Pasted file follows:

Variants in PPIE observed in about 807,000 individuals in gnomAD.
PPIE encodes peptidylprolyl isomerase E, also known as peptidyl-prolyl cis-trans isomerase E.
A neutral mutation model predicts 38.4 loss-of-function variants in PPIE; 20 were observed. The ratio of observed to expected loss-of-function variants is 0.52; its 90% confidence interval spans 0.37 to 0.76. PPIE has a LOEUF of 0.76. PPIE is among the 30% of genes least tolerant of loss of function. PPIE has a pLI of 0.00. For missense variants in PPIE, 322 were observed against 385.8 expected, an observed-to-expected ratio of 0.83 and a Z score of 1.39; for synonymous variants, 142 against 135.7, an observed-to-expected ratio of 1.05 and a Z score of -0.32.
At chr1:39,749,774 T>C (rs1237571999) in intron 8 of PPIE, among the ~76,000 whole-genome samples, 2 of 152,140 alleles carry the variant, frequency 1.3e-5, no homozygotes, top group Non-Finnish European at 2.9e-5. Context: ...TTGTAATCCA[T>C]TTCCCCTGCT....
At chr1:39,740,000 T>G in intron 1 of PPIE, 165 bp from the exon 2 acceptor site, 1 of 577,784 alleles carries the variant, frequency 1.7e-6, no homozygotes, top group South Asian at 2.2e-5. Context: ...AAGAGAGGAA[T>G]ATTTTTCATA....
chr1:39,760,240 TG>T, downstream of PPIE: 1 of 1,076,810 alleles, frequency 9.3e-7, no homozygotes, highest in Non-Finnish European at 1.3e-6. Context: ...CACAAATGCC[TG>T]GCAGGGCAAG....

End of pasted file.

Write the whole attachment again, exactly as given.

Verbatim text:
Variants in PPIE observed in about 807,000 individuals in gnomAD.
PPIE encodes peptidylprolyl isomerase E, also known as peptidyl-prolyl cis-trans isomerase E.
A neutral mutation model predicts 38.4 loss-of-function variants in PPIE; 20 were observed. The ratio of observed to expected loss-of-function variants is 0.52; its 90% confidence interval spans 0.37 to 0.76. PPIE has a LOEUF of 0.76. PPIE is among the 30% of genes least tolerant of loss of function. PPIE has a pLI of 0.00. For missense variants in PPIE, 322 were observed against 385.8 expected, an observed-to-expected ratio of 0.83 and a Z score of 1.39; for synonymous variants, 142 against 135.7, an observed-to-expected ratio of 1.05 and a Z score of -0.32.
At chr1:39,749,774 T>C (rs1237571999) in intron 8 of PPIE, among the ~76,000 whole-genome samples, 2 of 152,140 alleles carry the variant, frequency 1.3e-5, no homozygotes, top group Non-Finnish European at 2.9e-5. Context: ...TTGTAATCCA[T>C]TTCCCCTGCT....
At chr1:39,740,000 T>G in intron 1 of PPIE, 165 bp from the exon 2 acceptor site, 1 of 577,784 alleles carries the variant, frequency 1.7e-6, no homozygotes, top group South Asian at 2.2e-5. Context: ...AAGAGAGGAA[T>G]ATTTTTCATA....
chr1:39,760,240 TG>T, downstream of PPIE: 1 of 1,076,810 alleles, frequency 9.3e-7, no homozygotes, highest in Non-Finnish European at 1.3e-6. Context: ...CACAAATGCC[TG>T]GCAGGGCAAG....